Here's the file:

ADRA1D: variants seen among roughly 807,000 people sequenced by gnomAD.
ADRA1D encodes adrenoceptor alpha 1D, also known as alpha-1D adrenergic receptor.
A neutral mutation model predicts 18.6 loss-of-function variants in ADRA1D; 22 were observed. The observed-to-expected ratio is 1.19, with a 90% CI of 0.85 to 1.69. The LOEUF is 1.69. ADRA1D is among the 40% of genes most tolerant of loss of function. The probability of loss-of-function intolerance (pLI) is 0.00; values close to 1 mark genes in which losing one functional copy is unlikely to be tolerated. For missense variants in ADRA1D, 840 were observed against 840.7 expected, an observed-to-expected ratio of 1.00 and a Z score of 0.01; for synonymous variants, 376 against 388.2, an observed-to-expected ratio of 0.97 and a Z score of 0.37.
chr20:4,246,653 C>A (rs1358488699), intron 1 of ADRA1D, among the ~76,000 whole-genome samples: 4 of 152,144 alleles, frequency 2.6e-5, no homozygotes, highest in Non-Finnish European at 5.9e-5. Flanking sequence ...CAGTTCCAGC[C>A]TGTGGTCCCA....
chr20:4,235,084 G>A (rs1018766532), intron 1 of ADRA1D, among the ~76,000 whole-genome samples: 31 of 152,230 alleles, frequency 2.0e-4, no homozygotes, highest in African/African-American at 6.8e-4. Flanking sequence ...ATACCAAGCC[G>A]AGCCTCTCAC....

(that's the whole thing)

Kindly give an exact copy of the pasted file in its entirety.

ADRA1D: variants seen among roughly 807,000 people sequenced by gnomAD.
ADRA1D encodes adrenoceptor alpha 1D, also known as alpha-1D adrenergic receptor.
A neutral mutation model predicts 18.6 loss-of-function variants in ADRA1D; 22 were observed. The observed-to-expected ratio is 1.19, with a 90% CI of 0.85 to 1.69. The LOEUF is 1.69. ADRA1D is among the 40% of genes most tolerant of loss of function. The probability of loss-of-function intolerance (pLI) is 0.00; values close to 1 mark genes in which losing one functional copy is unlikely to be tolerated. For missense variants in ADRA1D, 840 were observed against 840.7 expected, an observed-to-expected ratio of 1.00 and a Z score of 0.01; for synonymous variants, 376 against 388.2, an observed-to-expected ratio of 0.97 and a Z score of 0.37.
chr20:4,246,653 C>A (rs1358488699), intron 1 of ADRA1D, among the ~76,000 whole-genome samples: 4 of 152,144 alleles, frequency 2.6e-5, no homozygotes, highest in Non-Finnish European at 5.9e-5. Flanking sequence ...CAGTTCCAGC[C>A]TGTGGTCCCA....
chr20:4,235,084 G>A (rs1018766532), intron 1 of ADRA1D, among the ~76,000 whole-genome samples: 31 of 152,230 alleles, frequency 2.0e-4, no homozygotes, highest in African/African-American at 6.8e-4. Flanking sequence ...ATACCAAGCC[G>A]AGCCTCTCAC....